Choosing the Optimal Path to Cloud for Unified Communications
In this Cloud Smart era, federal managers no longer ask if the cloud is right for them, but rather, “How do we get there?” That question takes on even greater importance for communications solutions, which are integral components of organizations’ information technology and business operations.
Moving communications to the cloud can be a complex undertaking because these solutions comprise a host of data and voice functions, end-to-end infrastructure, various systems, as well as multiple vendors and teams. Cloud migration paves the way for organizations to integrate previously siloed enterprise communication functions-such as instant messaging; presence information; mobility features; audio, web and video conferencing; voice (including IP telephony), desktop sharing, data sharing and more applications-into a unified communications (UC) platform that can be delivered as a service via the cloud. With unified communications-as a-service (UCaaS), the government workforce can connect to powerful voice, messaging, and collaboration tools at any time, from anywhere, on any device.
However, such a complex and diverse set of communications and IT technologies and capabilities simply cannot be lifted and shifted into cloud infrastructures. The duration and complexity of planning and training, the requirement to forklift and replace hardware and software components, the immediacy of change for the user community, and the risk of downtime or failure due to unanticipated anomalies combine to render the lift and shift approach untenable.
As Lauren Nelson, a principal analyst with Forrester, noted in a FedTech magazine article, “Everybody’s ‘ready’ for the cloud, but the real question is, ‘How prepared are you?’” Most cloud experts advise organizations to conduct a preparedness assessment to assess an agency’s existing environment to set goals, identify potential stumbling blocks and determine which resources to move first.
Failures can frequently occur, especially if a cloud transition team think that they can move quickly to the cloud. A cloud expert in the same article cited an example in which an organization set out to migrate 400 workloads in 18 months, but only ended up completing five of those migrations. Some workloads, some applications and systems are easier to move than others.
A gradual transition to cloud makes far more sense a lift and shift. To be successful, agencies must invest in hybrid integration and facilitate connections between legacy applications and new cloud applications. A hybrid approach that provides integration between on-premise systems and cloud architectures enables agencies to leverage their legacy communications solutions to the maximum possible extent and better control their UC and cloud migration journeys. With this approach, agencies move communications systems and components to the cloud whenever they are ready based on their needs, comfort, and budget. This option also preserves the end-user experience because legacy features and interfaces remain in place initially, then are replaced over time by new ones.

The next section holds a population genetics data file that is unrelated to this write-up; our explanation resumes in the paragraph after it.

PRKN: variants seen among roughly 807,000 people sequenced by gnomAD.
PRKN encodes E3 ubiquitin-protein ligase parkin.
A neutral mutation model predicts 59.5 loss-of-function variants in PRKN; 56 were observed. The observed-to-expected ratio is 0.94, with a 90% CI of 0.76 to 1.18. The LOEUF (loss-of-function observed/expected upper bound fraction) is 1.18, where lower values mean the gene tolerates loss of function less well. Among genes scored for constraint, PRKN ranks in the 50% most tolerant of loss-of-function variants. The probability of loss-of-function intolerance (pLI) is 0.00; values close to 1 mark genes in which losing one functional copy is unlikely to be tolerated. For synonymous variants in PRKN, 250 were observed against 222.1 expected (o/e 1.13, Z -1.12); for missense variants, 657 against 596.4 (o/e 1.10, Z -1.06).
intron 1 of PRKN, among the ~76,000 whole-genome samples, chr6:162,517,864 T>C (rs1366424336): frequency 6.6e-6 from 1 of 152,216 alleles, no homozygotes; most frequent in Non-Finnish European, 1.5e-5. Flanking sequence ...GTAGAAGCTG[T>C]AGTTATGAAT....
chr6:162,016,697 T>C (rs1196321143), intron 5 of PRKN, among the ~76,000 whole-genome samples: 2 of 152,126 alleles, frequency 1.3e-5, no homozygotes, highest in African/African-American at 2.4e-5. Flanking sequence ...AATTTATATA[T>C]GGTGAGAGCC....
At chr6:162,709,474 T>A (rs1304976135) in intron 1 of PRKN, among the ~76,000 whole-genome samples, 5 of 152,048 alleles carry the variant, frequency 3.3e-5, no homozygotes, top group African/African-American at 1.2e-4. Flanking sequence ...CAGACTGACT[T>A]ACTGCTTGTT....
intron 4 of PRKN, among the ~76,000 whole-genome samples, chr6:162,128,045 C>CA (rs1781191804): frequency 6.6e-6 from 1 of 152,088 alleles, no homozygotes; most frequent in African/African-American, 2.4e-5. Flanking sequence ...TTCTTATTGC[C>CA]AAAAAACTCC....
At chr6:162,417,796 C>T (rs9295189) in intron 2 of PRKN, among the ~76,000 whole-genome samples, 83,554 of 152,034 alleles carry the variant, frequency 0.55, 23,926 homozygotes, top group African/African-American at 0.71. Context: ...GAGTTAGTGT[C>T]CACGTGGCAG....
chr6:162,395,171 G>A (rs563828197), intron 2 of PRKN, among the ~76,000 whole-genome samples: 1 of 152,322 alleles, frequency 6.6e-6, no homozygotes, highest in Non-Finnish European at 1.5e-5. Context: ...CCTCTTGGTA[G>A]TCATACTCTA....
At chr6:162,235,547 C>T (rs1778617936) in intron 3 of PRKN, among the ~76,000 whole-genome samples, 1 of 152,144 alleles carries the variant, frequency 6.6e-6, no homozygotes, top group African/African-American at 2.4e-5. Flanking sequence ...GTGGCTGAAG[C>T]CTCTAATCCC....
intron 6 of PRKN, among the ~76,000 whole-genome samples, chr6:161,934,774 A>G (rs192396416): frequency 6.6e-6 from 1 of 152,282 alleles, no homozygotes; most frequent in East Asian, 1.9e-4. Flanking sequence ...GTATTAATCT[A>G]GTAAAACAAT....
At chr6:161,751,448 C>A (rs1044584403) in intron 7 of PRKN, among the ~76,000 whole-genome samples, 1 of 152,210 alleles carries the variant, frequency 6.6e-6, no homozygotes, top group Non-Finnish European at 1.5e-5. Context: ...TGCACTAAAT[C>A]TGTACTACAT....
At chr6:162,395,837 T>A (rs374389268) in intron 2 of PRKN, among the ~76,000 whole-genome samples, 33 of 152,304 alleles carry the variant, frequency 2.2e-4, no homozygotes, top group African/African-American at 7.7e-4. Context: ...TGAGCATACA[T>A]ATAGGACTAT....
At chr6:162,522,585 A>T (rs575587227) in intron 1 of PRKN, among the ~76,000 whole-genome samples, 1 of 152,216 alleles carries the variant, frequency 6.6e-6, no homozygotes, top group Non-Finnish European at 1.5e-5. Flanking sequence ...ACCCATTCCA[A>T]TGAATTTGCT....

For example, an organization with an existing communications infrastructure could initiate its transition by redirecting its media gateway from the on-premises core to the cloud – allowing it to dip its toes in the water by moving a less-critical function like voice mail to the cloud first, with others to follow at the appropriate time. As a result, agencies can more rapidly begin realizing the advantages of cloud, such as automation and security upgrades, without incurring the protracted time, risk, and expense associated with the hard cut-over to the cloud.
Information and data protection are major concerns for agencies moving to the cloud. The federal government’s Cloud Smart strategy focuses on three inter-related areas to drive cloud adoption – security, procurement, and the workforce. From a security perspective, Cloud Smart’s goal is to modernize security policies to focus on risk-based decision-making, automation, and moving protections closer to data. A key program to help agencies move closer to these objectives is the Federal Risk and Authorization Management Program (FedRAMP).
FedRAMP government-certified, cloud-based unified communications solutions are designed for federal agencies and contractors who need to meet tight security requirements and compliance regulations. FedRAMP provides a standardized approach to security assessment, authorization, and continuous monitoring for cloud products and services. Agencies looking to leverage the efficiencies of the cloud can now do so with UCaaS services tailored to meet unique government sector security requirements.
Avaya Cloud Unified Communications solutions are FedRAMP-certified, which ensures agency managers that the underlying cloud infrastructure meets stringent government compliance and security requirements. Moreover, Avaya Cloud Unified Communications solutions enable agencies to select the hybrid approach because they seamlessly support both new and legacy technology.
Given the cloud mandate, it’s tempting for agencies to see this time as a “race” to the cloud. If that’s the case, they should see it not as a sprint but as a marathon. Heavy lift and shift of communications solutions rarely work out well. They typically cause pain that pushes the finish line further away. Instead, consider adopting a hybrid strategy with a gradual transition to cloud and UC that puts control in the agency’s hands, not the vendor’s hands. Go at the pace you need, and you have a better chance of crossing the finish line.